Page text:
Consider Phlebas (Culture, #1) Consider Phlebas discussion


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RIP Iain M Banks - RIP the Culture

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Peter You will be missed


Milly Cent Am so incredibly sad...


Sparky Devine Sad news to hear. Never really got into his writing any recommendations?


Mike Franklin Desperately sad.

@Sparky: depends on whether you are likely to prefer his SF stuff - big canvas, space opera - or his 'mainstream' stuff - seriously weird, sometimes grotesque.

Both in my opinion are excellent.

I've not read many of his mainstream books (yet) so can't make strong recommendations there other than to say I loved his first book The Wasp Factory but it is very very grim and not to everyone's taste. For his SF I would recommend The Player of Games as a very good introduction both to his SF writings and to the Culture universe that most, but certainly not all, of his SF books are set in.

You should also appreciate that for the most part his mainstream and SF books are radically different in style (rather than the obvious difference in genre). The main commonality being the excellent if very different writing.


Sparky Devine Mike wrote: "Desperately sad.

@Sparky: depends on whether you are likely to prefer his SF stuff - big canvas, space opera - or his 'mainstream' stuff - seriously weird, sometimes grotesque.

Both in my opinion..."


Cheers thanks for replying Mike


Mike Franklin You're very welcome! :-)


Milly Cent Sparky - if you're interested in making a start on his 'Culture' novels, I'd recommend starting with 'Player of Games'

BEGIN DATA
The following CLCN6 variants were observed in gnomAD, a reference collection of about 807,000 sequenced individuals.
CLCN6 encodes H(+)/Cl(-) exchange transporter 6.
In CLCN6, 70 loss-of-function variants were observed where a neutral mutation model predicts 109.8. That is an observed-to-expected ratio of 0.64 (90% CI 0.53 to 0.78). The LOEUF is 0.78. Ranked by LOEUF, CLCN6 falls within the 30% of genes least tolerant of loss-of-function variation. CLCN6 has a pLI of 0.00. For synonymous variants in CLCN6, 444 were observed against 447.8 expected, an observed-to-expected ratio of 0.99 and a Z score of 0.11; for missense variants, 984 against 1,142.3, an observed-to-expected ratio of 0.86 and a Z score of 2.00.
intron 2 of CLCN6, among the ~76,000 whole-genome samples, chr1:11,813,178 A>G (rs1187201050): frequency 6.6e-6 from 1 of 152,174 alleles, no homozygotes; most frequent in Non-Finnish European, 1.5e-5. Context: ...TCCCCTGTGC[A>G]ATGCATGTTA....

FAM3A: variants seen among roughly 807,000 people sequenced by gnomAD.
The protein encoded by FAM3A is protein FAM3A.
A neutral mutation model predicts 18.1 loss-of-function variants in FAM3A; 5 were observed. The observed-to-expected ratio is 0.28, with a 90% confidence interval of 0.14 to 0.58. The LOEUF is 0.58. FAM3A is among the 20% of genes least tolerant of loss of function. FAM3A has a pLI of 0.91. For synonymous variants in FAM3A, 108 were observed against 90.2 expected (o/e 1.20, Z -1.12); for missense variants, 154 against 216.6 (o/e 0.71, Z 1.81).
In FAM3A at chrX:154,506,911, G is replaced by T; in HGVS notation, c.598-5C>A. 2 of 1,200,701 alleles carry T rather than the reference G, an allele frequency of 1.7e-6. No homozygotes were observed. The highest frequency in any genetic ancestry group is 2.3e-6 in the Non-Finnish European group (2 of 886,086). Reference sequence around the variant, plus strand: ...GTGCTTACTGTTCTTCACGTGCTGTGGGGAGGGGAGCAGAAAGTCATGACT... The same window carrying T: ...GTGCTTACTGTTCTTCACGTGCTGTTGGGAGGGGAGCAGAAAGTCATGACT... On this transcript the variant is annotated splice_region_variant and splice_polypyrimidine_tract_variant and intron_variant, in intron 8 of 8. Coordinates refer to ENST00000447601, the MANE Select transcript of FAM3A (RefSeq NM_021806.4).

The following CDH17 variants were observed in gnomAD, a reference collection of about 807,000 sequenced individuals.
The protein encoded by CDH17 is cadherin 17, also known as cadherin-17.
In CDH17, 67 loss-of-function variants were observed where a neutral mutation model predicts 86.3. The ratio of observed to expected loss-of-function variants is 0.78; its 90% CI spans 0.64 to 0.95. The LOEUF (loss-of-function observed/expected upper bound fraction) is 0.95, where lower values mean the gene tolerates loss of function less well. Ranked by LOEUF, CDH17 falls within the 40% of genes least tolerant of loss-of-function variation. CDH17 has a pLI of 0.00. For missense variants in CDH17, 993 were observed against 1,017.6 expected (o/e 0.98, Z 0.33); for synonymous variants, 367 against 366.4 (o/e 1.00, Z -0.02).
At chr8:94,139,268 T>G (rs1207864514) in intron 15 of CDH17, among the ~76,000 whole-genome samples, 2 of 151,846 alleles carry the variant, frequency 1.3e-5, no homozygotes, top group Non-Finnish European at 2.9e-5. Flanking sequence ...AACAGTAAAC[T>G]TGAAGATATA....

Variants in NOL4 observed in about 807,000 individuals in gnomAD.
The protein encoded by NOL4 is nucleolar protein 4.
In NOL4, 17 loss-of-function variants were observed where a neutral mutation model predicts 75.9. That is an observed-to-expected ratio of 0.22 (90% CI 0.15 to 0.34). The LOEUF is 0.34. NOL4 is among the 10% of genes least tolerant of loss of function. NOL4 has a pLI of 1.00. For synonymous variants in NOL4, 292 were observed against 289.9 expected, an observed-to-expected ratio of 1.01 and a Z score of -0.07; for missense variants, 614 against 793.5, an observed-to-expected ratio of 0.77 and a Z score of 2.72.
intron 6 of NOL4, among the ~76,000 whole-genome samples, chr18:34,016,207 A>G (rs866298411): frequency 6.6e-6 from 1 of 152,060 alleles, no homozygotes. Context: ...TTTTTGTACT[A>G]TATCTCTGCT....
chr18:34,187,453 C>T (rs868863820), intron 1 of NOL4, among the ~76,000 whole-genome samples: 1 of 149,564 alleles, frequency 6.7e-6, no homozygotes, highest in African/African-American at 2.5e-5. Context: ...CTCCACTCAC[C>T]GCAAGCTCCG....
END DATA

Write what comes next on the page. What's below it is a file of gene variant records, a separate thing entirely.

Lucy_k_p Very tragic news, I loved his work. At least his writing will live on.


Sparky Devine Milly wrote: "Sparky - if you're interested in making a start on his 'Culture' novels, I'd recommend starting with 'Player of Games'"

Cheers Milly.


Richard He gave so much pleasure to so many.May He Rest In Peace.


Jloaf If anyone is interested, the asteroid (5099) Iainbanks was named in his honour in June this year, just after his death


Micko Lemur RIP. Will hopefully get through the culture series in my existence. What a mind.


message 13: by Palmyrah (last edited Oct 06, 2013 07:26PM) (new) - rated it 4 stars

Palmyrah I've been a science-fiction reader all my life. I've read and appreciated all the greats. The first thing by Iain Banks I read was Espedair Street, which was okay, but then I picked up his SF short-story collection, The State of the Art. Most of the stories in the book didn't seem very special to me, but two stood out: 'A Gift from the Culture' and the title story.

'A Gift from the Culture' was a strange introduction to the Culture – a story told by someone who both loved it and loathed it, had opted to live outside it, and was now about to betray it using its own technology. But then came 'The State of the Art', the only story in which the Culture becomes involved with Earth. It was brilliant, and I was hooked for good.

With the possible exception of Ursula LeGuin at her best, no other SF author could ever match Banks for literary nous and auctorial brilliance. There are very few SF stories, especially of novel length, that work well as literature; I would put The Left Hand of Darkness and The City and the Stars on that list, along with the works of H.G. Wells and Olaf Stapledon's glacial, forbidding classic, Last and First Men.

But every one of Banks's SF novels makes the list. And unlike any of the books mentioned above, they are culturally sophisticated, witty, sexy and often hilarious. They are also at times extremely dark and violent.

I've read Heinlein, Asimov, Clarke, Dick, Herbert, Walter Miller, Sturgeon, Bear, Card, Zelazny, Moorcock. Some of them had great imaginations and enormous brains but couldn't write for toffee. Some — Moorcock, Dick, Zelazny, Clarke at his best – certainly could write, though they didn't always bother. But they all had their virtues, and if they had not existed, Banks could never existed either. All the same, no more skilled and talented writer than Iain Menzies Banks ever took up science fiction, and no science-fictional universe is more enjoyable to inhabit than the Culture.

Farewell, Iain.


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